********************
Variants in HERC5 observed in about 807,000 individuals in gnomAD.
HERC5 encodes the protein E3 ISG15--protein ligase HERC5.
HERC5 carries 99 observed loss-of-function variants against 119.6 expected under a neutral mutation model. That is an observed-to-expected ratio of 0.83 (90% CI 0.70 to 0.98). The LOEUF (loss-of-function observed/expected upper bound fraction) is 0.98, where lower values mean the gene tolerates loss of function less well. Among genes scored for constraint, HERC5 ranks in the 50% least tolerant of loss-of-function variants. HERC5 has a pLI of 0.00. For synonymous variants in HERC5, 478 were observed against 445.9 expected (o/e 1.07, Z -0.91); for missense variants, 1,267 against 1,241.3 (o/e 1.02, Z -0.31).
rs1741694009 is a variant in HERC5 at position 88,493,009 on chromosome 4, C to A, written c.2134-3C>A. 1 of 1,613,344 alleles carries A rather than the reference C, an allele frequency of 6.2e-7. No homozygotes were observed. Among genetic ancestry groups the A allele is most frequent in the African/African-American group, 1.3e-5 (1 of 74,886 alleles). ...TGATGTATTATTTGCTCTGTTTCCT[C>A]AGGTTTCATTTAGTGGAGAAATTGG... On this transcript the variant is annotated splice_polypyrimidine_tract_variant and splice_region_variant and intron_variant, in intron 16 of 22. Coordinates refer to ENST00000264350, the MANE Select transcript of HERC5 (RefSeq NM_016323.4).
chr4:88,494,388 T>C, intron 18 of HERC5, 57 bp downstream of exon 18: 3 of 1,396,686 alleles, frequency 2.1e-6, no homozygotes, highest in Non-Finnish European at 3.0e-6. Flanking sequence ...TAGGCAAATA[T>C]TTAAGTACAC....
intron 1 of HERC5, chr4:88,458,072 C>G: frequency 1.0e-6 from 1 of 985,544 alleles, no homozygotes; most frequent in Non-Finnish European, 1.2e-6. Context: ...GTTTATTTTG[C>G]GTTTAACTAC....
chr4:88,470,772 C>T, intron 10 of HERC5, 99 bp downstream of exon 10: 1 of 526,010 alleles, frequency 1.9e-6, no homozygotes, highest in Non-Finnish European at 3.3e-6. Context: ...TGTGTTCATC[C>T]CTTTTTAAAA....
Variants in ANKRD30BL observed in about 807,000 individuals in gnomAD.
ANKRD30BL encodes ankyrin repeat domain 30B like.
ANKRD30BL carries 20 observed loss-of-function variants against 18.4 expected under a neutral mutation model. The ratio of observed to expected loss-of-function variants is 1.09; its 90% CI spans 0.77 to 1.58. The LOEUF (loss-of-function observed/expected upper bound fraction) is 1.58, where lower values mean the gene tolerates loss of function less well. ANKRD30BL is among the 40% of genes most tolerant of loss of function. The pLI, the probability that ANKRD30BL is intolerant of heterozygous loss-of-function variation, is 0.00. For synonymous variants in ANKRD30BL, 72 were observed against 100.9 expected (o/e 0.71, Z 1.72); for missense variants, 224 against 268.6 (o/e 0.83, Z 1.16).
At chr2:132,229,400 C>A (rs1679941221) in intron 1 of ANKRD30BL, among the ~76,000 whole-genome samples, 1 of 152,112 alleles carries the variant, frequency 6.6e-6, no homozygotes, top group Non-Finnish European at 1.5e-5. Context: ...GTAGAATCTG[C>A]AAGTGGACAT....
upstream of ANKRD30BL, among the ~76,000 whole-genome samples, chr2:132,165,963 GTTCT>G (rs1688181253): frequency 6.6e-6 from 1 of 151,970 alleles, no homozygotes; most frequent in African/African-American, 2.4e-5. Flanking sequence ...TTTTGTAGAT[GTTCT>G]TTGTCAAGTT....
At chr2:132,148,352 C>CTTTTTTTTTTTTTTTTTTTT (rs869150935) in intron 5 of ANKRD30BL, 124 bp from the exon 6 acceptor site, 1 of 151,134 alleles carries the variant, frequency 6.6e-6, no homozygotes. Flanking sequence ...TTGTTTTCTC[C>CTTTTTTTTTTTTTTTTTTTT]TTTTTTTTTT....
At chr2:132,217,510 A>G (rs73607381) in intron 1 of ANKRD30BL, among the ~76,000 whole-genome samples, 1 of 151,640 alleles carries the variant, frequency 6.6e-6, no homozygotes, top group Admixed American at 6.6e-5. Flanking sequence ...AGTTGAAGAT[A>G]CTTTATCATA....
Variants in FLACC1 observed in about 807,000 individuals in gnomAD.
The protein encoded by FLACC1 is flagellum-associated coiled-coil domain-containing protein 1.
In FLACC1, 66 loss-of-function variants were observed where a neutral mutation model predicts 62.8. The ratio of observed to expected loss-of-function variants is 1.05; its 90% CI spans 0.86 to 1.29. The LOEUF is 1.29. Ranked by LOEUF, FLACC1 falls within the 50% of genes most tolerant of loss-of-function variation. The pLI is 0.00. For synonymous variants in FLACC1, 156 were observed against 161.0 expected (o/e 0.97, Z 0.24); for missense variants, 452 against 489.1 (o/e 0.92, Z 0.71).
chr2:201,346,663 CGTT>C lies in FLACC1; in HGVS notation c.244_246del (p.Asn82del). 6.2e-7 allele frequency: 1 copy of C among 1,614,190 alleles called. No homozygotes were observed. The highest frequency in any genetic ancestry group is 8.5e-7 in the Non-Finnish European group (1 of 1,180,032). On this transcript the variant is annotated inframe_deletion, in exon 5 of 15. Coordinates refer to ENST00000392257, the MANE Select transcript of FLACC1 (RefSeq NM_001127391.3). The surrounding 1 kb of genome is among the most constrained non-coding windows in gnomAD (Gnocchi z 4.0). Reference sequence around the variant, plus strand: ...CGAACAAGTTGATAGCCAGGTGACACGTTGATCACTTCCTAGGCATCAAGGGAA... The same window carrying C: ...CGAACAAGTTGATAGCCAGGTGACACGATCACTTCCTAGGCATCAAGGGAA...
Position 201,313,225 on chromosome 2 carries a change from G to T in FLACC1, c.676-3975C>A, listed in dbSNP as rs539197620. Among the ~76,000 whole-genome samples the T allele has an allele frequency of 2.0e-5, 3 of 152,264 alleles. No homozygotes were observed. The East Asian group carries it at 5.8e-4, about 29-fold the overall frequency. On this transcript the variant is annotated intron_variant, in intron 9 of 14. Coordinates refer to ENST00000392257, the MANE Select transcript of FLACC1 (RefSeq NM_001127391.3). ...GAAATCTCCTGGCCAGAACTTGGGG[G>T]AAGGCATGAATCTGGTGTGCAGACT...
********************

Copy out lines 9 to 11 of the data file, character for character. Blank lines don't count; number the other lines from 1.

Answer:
ANKRD30BL encodes ankyrin repeat domain 30B like.
ANKRD30BL carries 20 observed loss-of-function variants against 18.4 expected under a neutral mutation model. The ratio of observed to expected loss-of-function variants is 1.09; its 90% CI spans 0.77 to 1.58. The LOEUF (loss-of-function observed/expected upper bound fraction) is 1.58, where lower values mean the gene tolerates loss of function less well. ANKRD30BL is among the 40% of genes most tolerant of loss of function. The pLI, the probability that ANKRD30BL is intolerant of heterozygous loss-of-function variation, is 0.00. For synonymous variants in ANKRD30BL, 72 were observed against 100.9 expected (o/e 0.71, Z 1.72); for missense variants, 224 against 268.6 (o/e 0.83, Z 1.16).
At chr2:132,229,400 C>A (rs1679941221) in intron 1 of ANKRD30BL, among the ~76,000 whole-genome samples, 1 of 152,112 alleles carries the variant, frequency 6.6e-6, no homozygotes, top group Non-Finnish European at 1.5e-5. Context: ...GTAGAATCTG[C>A]AAGTGGACAT....